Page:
c. A mentally disabled woman who spoke up against the stigma of mental health in today’s society

d. A woman whose death sparked research of the bystander effect

Correct Answer: D

12

The impact of the presence of friends (vs. strangers) on the bystander effect

According to research on the Bystander Effect, typically, as group size increases, assistance tends to decrease. However, one counteracting factor was the presence of

a. Social Loafing

b. Deindividuation

c. Friends instead of Strangers

d. Parents instead of Children

Correct Answer: C

13

Two Major Theories of Altruism

Empathic Concern (Selfless Acts)

Personal Distress (Selfish Acts)

Which theory of altruism is considered to be selfless and motivated by the well-being of others?

a. Empathic Concern

b. Personal Distress

c. Self-Presentation Theory

d. Social Exchange Theory

Correct Answer: A

14

Hawthorne Effect

The alteration of behavior by the subjects of a study due to their awareness of being observed

15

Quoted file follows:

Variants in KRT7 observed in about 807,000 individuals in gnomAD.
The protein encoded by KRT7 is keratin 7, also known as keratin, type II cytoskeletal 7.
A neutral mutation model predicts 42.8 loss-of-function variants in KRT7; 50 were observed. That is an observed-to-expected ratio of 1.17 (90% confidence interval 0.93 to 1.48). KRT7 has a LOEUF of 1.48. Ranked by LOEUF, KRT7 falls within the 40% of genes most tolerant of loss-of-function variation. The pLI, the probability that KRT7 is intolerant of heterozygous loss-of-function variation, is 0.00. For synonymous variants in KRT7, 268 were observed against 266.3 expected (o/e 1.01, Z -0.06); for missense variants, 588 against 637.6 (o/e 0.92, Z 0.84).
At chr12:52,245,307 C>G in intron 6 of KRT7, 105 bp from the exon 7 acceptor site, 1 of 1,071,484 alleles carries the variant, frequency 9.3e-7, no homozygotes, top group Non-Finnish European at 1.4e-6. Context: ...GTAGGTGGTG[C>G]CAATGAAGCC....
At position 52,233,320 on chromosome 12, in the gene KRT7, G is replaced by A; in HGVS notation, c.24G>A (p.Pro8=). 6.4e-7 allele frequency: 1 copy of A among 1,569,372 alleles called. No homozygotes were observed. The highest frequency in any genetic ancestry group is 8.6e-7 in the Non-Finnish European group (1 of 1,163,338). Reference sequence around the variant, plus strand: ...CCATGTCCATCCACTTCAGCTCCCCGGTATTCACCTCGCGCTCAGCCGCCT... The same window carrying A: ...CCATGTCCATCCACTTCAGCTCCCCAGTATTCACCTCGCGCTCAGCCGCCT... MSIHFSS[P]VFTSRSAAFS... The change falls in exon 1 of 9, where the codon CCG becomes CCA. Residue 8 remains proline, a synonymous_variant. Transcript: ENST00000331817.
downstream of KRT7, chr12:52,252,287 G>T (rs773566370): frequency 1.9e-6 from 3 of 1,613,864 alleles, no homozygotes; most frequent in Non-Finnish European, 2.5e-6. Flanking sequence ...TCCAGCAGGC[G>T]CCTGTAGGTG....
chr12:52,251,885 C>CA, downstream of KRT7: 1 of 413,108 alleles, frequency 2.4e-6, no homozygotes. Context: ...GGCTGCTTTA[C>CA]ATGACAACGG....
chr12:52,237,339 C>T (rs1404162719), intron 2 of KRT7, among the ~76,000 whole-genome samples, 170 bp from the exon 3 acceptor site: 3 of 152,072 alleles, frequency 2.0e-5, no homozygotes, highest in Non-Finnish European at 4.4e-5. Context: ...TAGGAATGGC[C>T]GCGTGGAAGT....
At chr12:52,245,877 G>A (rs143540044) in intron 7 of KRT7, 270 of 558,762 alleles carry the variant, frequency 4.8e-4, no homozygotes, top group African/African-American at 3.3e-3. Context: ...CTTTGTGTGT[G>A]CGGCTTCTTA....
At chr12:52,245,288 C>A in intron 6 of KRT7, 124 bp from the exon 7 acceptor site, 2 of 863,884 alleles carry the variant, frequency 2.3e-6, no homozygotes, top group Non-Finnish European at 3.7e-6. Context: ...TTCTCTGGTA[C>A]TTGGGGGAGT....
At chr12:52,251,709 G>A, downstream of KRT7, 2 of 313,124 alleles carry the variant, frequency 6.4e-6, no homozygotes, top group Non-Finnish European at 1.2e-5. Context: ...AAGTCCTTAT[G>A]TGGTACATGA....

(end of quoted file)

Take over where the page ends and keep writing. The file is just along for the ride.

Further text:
Mobbing (in the workplace)

Qureshi et al. (2013) found that the increase of mobbing in the workplace leads to a decrease in employee productivity, which is mediated by stress.

16

Give examples of how the Foot-In-The-Door Phenomenon manifests in performance management systems.

Performance Management Systems resemble the Foot-In-The-Door Phenomenon through the fact that each successive goal set is an approximation for a higher standard, which the employee is more likely to commit to a harder goal after already committing and attaining an easier one in the past.

17

What are the effects/benefits of employee training in the workplace?

Training can lead to

a. Increased self-efficacy

b. A self-fulfilling prophecy

c. Increased job satisfaction

d. All of the above

Correct Answer: D